Cultural evolution: A review of theoretical challenges

Nichols, Ryan; Charbonneau, Mathieu; Chellappoo, Azita; Davis, Taylor; Haidle, Miriam; Kimbrough, Erik O.; Moll, Henrike; Moore, Richard; Scott-Phillips, Thom; Purzycki, Benjamin Grant and Segovia-Martin, Jose (2024). Cultural evolution: A review of theoretical challenges. Evolutionary Human Sciences, 6 pp. 1–25.

DOI: https://doi.org/10.1017/ehs.2024.2

Abstract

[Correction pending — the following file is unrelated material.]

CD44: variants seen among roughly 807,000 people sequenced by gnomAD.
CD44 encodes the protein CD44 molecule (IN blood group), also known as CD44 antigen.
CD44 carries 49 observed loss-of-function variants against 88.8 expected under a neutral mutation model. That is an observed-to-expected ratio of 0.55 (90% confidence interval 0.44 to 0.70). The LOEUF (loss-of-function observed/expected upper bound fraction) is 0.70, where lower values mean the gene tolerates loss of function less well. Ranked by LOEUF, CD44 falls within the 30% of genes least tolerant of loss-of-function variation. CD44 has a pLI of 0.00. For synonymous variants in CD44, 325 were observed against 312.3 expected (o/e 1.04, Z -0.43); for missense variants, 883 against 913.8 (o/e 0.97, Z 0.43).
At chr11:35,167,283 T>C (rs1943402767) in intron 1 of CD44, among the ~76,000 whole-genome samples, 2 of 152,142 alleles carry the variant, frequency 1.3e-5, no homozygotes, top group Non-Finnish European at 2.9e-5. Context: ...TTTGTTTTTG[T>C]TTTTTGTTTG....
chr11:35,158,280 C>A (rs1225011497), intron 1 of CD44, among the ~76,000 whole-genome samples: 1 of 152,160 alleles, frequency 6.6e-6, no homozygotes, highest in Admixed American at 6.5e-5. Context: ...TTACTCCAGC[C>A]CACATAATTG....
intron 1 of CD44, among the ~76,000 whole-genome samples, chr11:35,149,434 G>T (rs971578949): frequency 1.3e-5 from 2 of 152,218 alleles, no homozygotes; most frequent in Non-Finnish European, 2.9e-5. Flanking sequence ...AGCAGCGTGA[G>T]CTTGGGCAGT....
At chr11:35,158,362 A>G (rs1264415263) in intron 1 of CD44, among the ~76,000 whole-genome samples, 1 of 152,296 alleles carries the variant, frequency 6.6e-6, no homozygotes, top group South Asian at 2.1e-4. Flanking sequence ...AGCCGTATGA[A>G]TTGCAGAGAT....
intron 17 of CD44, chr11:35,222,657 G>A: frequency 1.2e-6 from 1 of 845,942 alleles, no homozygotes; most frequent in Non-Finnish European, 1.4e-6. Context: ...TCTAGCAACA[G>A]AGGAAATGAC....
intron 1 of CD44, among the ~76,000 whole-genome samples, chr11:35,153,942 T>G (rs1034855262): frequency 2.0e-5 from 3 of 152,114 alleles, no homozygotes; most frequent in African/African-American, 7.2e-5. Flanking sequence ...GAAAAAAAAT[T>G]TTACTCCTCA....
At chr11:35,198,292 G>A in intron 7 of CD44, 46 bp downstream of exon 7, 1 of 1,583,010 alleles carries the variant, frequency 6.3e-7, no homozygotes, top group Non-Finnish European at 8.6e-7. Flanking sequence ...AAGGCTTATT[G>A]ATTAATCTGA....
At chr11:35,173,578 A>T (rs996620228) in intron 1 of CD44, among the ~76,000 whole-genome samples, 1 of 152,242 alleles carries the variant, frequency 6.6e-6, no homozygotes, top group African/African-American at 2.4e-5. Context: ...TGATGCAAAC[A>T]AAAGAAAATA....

The rapid growth of cultural evolutionary science, its expansion into numerous fields, its use of diverse methods, and several conceptual problems have outpaced corollary developments in theory and philosophy of science. This has led to concern, exemplified in results from a recent survey conducted with members of the Cultural Evolution Society, that the field lacks ‘knowledge synthesis’, is poorly supported by ‘theory’, has an ambiguous relation to biological evolution and uses key terms (e.g. ‘culture’, ‘social learning’, ‘cumulative culture’) in ways that hamper operationalization in models, experiments and field studies. Although numerous review papers in the field represent and categorize its empirical findings, the field's theoretical challenges receive less critical attention even though challenges of a theoretical or conceptual nature underlie most of the problems identified by Cultural Evolution Society members. Guided by the heterogeneous ‘grand challenges’ emergent in this survey, this paper restates those challenges and adopts an organizational style requisite to discussion of them. The paper's goal is to contribute to increasing conceptual clarity and theoretical discernment around the most pressing challenges facing the field of cultural evolutionary science. It will be of most interest to cultural evolutionary scientists, theoreticians, philosophers of science and interdisciplinary researchers.

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